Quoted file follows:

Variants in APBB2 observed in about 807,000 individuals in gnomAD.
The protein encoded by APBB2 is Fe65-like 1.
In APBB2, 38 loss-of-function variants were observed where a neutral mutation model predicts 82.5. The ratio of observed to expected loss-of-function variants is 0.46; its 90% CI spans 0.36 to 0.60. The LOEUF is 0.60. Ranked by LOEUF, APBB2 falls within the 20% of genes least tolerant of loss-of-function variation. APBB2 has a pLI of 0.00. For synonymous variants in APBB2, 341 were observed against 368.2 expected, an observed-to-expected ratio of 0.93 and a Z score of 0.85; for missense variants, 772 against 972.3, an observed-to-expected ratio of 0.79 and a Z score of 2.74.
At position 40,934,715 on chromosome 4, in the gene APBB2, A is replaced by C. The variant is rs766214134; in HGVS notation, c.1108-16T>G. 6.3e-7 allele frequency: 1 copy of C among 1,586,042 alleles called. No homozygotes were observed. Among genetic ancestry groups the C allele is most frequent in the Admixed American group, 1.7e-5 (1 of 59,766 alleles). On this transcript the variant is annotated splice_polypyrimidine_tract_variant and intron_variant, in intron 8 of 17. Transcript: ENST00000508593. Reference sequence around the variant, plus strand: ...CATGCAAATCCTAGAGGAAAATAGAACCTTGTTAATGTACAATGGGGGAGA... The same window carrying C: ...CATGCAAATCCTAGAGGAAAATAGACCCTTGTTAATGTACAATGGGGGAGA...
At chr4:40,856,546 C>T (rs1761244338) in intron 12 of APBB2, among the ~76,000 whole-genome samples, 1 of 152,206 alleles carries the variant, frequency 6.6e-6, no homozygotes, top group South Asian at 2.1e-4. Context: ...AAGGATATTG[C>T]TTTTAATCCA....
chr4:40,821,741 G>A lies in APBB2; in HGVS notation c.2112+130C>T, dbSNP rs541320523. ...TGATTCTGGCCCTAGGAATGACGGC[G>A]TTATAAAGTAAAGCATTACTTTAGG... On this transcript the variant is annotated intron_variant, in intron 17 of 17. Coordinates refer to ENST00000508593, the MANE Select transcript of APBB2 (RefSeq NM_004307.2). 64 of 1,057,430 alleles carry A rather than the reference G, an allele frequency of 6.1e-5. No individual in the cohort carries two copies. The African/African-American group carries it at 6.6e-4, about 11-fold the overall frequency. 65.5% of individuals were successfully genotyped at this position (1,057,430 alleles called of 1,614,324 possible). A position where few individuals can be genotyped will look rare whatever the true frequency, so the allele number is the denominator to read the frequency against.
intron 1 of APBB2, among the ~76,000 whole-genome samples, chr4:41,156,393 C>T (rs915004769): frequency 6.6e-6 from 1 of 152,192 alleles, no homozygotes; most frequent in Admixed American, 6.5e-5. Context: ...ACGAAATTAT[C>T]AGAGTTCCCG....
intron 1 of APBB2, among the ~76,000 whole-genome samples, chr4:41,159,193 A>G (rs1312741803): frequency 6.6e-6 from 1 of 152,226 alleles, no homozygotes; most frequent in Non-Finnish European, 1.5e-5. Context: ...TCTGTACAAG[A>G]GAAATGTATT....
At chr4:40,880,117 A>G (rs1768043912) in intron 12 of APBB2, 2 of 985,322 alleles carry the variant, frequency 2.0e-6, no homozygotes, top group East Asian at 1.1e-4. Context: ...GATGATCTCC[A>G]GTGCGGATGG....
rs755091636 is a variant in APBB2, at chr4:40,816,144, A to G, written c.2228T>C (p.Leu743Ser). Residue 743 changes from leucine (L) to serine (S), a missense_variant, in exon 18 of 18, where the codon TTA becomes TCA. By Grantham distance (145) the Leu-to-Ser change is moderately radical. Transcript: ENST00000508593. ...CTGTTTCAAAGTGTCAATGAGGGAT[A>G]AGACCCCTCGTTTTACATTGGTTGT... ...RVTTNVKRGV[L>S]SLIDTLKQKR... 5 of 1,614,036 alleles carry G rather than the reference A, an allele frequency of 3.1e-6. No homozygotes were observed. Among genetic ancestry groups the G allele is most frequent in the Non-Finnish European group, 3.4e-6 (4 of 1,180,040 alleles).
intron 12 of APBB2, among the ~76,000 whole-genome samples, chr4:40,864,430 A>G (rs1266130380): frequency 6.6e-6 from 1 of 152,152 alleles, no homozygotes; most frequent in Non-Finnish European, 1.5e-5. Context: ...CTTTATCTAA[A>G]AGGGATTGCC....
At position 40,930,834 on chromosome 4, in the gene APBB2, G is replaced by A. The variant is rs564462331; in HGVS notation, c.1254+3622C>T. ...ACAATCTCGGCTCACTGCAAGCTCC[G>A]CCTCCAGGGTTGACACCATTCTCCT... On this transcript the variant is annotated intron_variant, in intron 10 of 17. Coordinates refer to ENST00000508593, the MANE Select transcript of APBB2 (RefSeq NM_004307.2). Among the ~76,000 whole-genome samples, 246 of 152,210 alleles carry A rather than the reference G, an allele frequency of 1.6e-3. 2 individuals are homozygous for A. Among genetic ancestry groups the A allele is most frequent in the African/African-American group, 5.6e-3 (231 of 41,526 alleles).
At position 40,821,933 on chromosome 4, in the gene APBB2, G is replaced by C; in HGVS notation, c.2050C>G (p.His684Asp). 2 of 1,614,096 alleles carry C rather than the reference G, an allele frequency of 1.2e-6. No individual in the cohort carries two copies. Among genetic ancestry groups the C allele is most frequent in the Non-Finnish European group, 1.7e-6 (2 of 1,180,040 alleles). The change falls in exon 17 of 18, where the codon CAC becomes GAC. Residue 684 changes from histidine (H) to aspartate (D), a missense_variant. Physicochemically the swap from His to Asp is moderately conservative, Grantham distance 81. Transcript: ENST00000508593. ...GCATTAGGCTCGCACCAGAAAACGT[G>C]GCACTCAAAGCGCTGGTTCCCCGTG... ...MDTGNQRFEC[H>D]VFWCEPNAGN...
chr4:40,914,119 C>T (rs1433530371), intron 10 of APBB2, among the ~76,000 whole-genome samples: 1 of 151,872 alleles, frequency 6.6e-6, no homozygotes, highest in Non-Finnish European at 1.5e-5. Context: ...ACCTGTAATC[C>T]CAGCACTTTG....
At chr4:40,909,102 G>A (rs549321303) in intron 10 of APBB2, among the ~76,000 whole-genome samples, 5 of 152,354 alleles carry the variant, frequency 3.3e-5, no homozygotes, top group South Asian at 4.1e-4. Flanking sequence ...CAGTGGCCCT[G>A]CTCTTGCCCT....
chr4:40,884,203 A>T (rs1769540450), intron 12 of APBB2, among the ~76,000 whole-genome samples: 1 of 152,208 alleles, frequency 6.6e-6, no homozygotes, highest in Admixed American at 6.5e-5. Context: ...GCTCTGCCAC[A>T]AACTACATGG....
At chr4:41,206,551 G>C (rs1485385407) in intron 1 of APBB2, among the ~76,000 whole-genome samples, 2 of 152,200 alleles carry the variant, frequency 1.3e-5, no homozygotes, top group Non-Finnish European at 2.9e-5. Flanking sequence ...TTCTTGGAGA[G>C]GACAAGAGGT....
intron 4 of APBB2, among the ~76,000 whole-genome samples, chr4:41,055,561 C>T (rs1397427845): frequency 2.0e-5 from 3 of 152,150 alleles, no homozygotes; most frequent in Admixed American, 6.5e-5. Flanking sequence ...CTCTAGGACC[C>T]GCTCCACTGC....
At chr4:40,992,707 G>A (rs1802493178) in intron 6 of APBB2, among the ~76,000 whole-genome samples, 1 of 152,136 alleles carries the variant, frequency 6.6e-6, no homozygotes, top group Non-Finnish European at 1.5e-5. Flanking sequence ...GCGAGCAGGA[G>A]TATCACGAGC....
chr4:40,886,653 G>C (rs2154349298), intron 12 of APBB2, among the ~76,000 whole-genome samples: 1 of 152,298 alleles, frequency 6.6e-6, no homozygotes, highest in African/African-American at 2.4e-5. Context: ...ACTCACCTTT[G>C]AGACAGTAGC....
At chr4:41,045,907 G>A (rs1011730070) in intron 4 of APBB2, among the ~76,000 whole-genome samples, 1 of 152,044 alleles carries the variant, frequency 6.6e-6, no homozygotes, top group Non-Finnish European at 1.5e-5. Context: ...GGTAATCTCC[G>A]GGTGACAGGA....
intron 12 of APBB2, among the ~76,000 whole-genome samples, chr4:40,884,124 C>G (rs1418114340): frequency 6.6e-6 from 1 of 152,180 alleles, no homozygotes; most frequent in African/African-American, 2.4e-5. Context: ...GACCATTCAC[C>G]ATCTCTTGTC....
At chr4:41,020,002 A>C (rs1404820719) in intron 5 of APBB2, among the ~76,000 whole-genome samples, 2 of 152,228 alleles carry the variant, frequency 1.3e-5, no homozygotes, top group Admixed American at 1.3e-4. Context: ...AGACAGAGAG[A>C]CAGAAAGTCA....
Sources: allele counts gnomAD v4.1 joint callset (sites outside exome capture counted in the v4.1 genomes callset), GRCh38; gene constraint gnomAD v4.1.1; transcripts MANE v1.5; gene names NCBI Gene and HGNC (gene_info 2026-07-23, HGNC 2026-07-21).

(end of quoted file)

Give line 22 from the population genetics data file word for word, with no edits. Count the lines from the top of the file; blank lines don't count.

intron 12 of APBB2, among the ~76,000 whole-genome samples, chr4:40,884,124 C>G (rs1418114340): frequency 6.6e-6 from 1 of 152,180 alleles, no homozygotes; most frequent in African/African-American, 2.4e-5. Context: ...GACCATTCAC[C>G]ATCTCTTGTC....